Oct 282010

As we get to the end of October and the end of Domestic Violence Awareness Month, I want to point to some information that may be of use and that, without question, we should all be aware of.  First, via Josh Sugarman reporting on the Violence Policy Center’s annual report When Men Murder Women,

Nationwide, in 2008, there were 1,817 females murdered by males in single victim/single offender incidents that were submitted to the FBI for its Supplementary Homicide Report. Key findings from the report dispel many of the myths regarding the nature of lethal violence against women:

  • For homicides in which the victim to offender relationship could be identified, 92 percent of female victims (1,564 out of 1,694) were murdered by someone they knew.
  • Twelve times as many females were murdered by a male they knew (1,564 victims) than were killed by male strangers (130 victims). For victims who knew their offenders, 64 percent (997) of female homicide victims were wives or intimate acquaintances of their killers.
  • There were 278 women shot and killed by either their husband or intimate acquaintance during the course of an argument.
  • Nationwide, for homicides in which the weapon could be determined (1,662), more female homicides were committed with firearms (52 percent) than with any other weapon. Knives and other cutting instruments accounted for 21 percent of all female murders, bodily force 15 percent, and murder by blunt object seven percent. Of the homicides committed with firearms, 71 percent were committed with handguns.
  • In 86 percent of all incidents where the circumstances could be determined, homicides were not related to the commission of any other felony, such as rape or robbery.

And for what it’s worth, the most dangerous state for women? It would seem that in Nevada, women, never mind the casinos, women are gambling with their lives by even being there.

And via the National Women’s Law Center, this horrific reality that women have to face when deciding what to do when they are trying to escape a violent situation:

Did you know that many shelters for battered women will not allow male children (sometimes as young as eight) to stay with their mothers? So a woman is left with three options: 1. Don’t use the shelter and continue parenting while in an abusive home situation; 2. Use the shelter to escape the abusive home and leave her son with the abusive parent; or 3. Identify another source of housing that doesn’t provide the additional security or support provided by the shelter, but allows her to stay with her son.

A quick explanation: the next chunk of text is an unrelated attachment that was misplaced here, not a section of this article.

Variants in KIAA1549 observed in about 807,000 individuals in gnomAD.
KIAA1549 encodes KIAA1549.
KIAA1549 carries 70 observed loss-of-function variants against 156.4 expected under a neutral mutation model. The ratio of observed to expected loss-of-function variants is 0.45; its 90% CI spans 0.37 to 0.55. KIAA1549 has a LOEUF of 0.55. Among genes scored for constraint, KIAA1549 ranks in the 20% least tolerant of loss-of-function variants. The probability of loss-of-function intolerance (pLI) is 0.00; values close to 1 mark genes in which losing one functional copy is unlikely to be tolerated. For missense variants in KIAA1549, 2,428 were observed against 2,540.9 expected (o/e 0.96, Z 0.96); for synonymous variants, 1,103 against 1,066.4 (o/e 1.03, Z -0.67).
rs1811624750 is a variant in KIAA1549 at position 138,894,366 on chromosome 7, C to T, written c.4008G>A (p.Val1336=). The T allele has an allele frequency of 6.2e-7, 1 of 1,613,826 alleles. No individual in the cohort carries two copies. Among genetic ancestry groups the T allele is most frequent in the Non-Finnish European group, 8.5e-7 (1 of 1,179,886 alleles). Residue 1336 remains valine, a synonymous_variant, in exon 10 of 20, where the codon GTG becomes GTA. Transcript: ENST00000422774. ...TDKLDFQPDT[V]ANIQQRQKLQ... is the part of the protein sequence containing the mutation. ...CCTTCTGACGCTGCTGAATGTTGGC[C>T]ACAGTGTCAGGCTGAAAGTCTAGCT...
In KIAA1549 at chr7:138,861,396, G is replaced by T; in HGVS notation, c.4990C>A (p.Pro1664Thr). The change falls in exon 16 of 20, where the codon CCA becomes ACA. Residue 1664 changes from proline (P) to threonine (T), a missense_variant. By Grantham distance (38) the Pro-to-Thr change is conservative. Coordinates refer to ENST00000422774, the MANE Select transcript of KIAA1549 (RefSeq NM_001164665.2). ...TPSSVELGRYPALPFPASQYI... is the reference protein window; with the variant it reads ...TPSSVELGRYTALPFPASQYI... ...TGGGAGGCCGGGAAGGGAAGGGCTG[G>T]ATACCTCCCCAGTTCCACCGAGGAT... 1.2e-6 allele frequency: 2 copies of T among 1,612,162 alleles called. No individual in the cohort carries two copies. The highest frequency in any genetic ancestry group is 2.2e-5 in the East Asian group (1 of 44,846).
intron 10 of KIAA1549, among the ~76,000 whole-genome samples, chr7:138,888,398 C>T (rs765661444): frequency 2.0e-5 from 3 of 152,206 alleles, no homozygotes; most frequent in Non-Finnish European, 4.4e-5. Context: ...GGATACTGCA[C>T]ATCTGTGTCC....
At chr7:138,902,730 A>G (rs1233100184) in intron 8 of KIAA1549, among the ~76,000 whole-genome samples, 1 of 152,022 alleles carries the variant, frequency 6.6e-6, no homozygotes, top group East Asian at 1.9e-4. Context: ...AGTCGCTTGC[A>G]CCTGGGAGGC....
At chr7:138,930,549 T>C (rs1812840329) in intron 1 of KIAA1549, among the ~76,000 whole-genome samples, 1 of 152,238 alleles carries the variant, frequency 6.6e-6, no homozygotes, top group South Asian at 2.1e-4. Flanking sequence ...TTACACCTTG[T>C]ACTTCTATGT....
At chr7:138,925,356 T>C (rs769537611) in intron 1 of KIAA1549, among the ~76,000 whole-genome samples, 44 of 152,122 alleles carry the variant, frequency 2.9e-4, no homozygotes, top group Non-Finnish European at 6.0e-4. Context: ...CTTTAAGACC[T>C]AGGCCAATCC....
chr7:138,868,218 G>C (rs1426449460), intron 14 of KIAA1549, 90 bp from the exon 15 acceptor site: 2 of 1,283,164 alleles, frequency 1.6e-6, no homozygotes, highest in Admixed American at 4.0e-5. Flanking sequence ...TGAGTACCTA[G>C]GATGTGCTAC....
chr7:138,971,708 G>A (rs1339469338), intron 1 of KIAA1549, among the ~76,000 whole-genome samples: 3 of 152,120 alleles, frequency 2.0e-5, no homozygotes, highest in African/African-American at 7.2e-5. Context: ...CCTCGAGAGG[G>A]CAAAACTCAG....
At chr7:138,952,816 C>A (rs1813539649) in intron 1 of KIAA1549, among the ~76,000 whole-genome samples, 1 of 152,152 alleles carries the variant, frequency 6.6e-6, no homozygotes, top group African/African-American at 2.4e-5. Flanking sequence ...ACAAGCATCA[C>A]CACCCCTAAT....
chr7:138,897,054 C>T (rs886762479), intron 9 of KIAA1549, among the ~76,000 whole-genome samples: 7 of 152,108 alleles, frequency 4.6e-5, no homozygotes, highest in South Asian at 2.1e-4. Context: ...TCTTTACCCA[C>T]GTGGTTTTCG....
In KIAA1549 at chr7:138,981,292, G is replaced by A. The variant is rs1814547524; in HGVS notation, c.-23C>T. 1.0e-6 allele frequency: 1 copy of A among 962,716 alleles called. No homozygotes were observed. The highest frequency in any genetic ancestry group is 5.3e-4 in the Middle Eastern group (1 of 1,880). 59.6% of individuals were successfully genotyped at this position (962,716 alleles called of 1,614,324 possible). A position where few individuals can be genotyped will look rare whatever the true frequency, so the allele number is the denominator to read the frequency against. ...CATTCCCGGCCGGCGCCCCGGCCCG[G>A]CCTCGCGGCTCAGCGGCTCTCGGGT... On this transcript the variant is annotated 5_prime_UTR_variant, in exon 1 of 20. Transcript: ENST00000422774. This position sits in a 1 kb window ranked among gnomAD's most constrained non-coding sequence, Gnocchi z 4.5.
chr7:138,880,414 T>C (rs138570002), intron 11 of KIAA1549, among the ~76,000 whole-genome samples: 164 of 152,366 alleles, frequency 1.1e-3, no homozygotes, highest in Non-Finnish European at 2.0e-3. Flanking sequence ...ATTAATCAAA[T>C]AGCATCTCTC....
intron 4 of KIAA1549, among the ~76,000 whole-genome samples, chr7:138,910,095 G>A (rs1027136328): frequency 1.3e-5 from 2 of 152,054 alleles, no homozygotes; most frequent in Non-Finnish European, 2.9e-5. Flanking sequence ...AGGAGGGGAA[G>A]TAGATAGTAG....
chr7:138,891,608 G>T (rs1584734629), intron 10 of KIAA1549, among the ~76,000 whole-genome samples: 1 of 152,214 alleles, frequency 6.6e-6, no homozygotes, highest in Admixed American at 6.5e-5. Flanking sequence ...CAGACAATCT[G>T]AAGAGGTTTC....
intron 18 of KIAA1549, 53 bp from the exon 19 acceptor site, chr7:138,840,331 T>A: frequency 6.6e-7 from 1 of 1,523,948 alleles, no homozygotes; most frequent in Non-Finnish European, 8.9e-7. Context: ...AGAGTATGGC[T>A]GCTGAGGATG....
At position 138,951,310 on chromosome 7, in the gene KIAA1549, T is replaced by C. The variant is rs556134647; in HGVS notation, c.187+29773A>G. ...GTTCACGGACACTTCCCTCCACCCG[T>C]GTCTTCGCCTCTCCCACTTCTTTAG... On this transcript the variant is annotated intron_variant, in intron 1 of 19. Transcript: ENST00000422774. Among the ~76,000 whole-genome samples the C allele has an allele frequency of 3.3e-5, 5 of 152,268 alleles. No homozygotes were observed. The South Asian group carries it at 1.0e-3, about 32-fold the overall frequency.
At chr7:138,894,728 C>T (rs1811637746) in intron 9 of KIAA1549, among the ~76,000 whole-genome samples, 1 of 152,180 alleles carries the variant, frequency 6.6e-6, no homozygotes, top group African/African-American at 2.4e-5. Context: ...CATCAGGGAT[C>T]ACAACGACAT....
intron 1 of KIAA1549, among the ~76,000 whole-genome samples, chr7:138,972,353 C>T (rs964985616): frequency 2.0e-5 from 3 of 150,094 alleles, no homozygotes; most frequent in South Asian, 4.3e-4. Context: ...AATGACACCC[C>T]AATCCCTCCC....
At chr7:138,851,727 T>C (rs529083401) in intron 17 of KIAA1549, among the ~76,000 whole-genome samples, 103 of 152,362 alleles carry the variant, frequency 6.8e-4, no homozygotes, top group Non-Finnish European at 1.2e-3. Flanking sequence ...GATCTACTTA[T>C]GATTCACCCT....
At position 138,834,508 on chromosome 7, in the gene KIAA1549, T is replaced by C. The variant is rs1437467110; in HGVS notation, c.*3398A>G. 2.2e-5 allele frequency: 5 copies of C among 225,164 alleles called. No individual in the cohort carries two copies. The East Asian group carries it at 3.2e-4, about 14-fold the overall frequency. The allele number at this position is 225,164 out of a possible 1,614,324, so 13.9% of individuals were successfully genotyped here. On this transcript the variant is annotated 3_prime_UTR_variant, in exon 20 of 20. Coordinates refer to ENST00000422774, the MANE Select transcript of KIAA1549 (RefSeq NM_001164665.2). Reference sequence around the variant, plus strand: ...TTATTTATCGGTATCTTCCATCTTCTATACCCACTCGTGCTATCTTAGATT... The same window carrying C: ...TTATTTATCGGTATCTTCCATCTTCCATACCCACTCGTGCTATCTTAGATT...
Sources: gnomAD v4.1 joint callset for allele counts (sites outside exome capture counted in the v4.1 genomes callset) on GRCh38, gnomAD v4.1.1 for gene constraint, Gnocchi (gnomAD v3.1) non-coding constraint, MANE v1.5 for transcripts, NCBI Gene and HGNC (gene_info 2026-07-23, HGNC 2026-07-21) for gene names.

And finally, a coalition of organizations have put together the Workplaces Respond website which addresses domestic and sexual violence in the workplace.  The website has some very substantive tools to help address these issues as well as an excellent primer about this issue including these staggering facts:

  • Women are much more likely than men to be victims of on-the-job intimate partner homicide. Spouses, boyfriends/girlfriends and ex-boyfriends/ex-girlfriends were responsible for the on-the-job deaths of 321 women and 38 men from 1997-2009, according to the U.S. Department of Labor, Bureau of Labor Statistics.
  • The Centers for Disease Control and Prevention estimates that the cost of intimate partner rape, physical assault and stalking totaled $5.8 billion each year for direct medical and mental health care services and lost productivity from paid work and household chores. Of this, total productivity losses account for nearly $1.8 billion in the United States in 1995. When updated to 2003 dollars, the cost of intimate partner rape, physical assault and stalking is more than $8.3 billion. And in 2010 dollars, it would be considerably more. Much of these costs are paid for by the employer.
  • The Centers for Disease Control and Prevention estimates the annual cost of lost productivity due to domestic violence is $727.8 million (in 1995 dollars), with more than 7.9 million paid workdays – the equivalent of more than 32,000 full time jobs – lost each year.

Much like being aware of breast cancer, being aware of domestic violence seems really quite inadequate.  Perhaps next year we can observe Domestic Violence Eradication Month and Breast Cancer Eradication Month.

 October 28, 2010  Posted by on October 28, 2010

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